We used functional magnetic resonance imaging (fMRI) to assess activation in the trigeminal ganglion during innocuous mechanical (brush) and noxious thermal (46 degrees C) stimulation of the face within the receptive fields of each of the three divisions of the trigeminal nerve in healthy volunteers. For both stimulus types, we observed signal changes only in the ipsilateral ganglion, and activation occurred somatotopically, as predicted by the known anatomical segregation of the neurons comprising the ophthalmic (V1), maxillary (V2), and mandibular (V3) divisions of the nerve. Signal decreased after brush stimuli and increased after the application of noxious heat. The abilities to detect somatotopic activation within the ganglion and to segregate non-noxious mechanical from noxious thermal stimuli suggest that fMRI will be valuable for measuring changes in the trigeminal ganglion in human models of neuropathic pain and in the clinical condition itself and may also be useful in the evaluation of pain therapies.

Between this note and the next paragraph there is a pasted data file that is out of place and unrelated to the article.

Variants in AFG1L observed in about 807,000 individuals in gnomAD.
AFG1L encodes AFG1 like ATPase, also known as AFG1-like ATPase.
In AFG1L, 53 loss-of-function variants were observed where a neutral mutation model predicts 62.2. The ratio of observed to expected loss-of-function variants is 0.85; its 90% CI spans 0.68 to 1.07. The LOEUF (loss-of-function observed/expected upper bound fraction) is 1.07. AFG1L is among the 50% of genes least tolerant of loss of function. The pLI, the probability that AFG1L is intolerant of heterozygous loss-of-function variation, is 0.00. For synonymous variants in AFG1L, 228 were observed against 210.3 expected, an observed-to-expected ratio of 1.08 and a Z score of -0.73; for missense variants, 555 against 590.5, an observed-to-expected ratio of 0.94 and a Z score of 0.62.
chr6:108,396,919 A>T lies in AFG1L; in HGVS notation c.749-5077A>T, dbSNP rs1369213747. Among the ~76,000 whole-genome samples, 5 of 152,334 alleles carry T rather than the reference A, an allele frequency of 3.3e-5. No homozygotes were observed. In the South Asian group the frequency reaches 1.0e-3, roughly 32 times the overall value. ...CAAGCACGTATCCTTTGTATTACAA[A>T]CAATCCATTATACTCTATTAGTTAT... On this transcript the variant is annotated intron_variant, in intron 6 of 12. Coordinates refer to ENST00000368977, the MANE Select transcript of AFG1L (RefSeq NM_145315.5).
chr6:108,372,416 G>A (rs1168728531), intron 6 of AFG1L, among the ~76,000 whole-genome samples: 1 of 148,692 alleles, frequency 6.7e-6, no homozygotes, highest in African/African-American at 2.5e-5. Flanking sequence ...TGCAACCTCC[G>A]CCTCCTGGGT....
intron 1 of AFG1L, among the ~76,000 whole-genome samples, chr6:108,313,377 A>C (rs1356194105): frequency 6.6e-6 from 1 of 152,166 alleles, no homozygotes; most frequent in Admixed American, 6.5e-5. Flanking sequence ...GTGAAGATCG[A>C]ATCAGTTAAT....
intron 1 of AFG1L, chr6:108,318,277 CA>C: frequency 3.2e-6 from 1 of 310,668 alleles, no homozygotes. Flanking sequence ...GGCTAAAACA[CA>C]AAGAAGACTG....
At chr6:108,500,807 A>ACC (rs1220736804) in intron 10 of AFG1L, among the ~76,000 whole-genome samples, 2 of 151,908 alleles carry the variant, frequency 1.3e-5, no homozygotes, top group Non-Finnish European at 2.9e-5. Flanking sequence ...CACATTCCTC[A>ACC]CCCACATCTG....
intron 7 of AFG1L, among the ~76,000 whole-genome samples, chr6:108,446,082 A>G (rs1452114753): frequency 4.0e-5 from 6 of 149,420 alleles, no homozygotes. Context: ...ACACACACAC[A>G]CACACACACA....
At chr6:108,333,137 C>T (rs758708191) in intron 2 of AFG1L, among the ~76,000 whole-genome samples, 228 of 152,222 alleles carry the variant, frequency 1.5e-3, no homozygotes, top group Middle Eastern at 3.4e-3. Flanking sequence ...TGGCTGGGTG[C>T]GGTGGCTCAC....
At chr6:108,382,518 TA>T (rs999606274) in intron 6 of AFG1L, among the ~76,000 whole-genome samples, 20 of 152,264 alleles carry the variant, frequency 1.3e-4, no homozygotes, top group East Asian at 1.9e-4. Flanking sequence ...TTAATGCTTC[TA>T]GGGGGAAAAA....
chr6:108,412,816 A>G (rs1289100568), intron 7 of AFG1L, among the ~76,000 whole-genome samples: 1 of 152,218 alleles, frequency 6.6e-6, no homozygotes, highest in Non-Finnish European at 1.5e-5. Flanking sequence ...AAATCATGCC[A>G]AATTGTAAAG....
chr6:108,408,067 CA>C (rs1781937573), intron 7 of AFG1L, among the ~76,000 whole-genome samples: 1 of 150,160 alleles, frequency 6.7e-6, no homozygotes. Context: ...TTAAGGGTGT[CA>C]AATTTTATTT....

SciCrunch is a data sharing and display platform. Anyone can create a custom portal where they can select searchable subsets of hundreds of data sources, brand their web pages and create their community. SciCrunch will push data updates automatically to all portals on a weekly basis. User communities can also add their own data to scicrunch, however this is not currently a free service.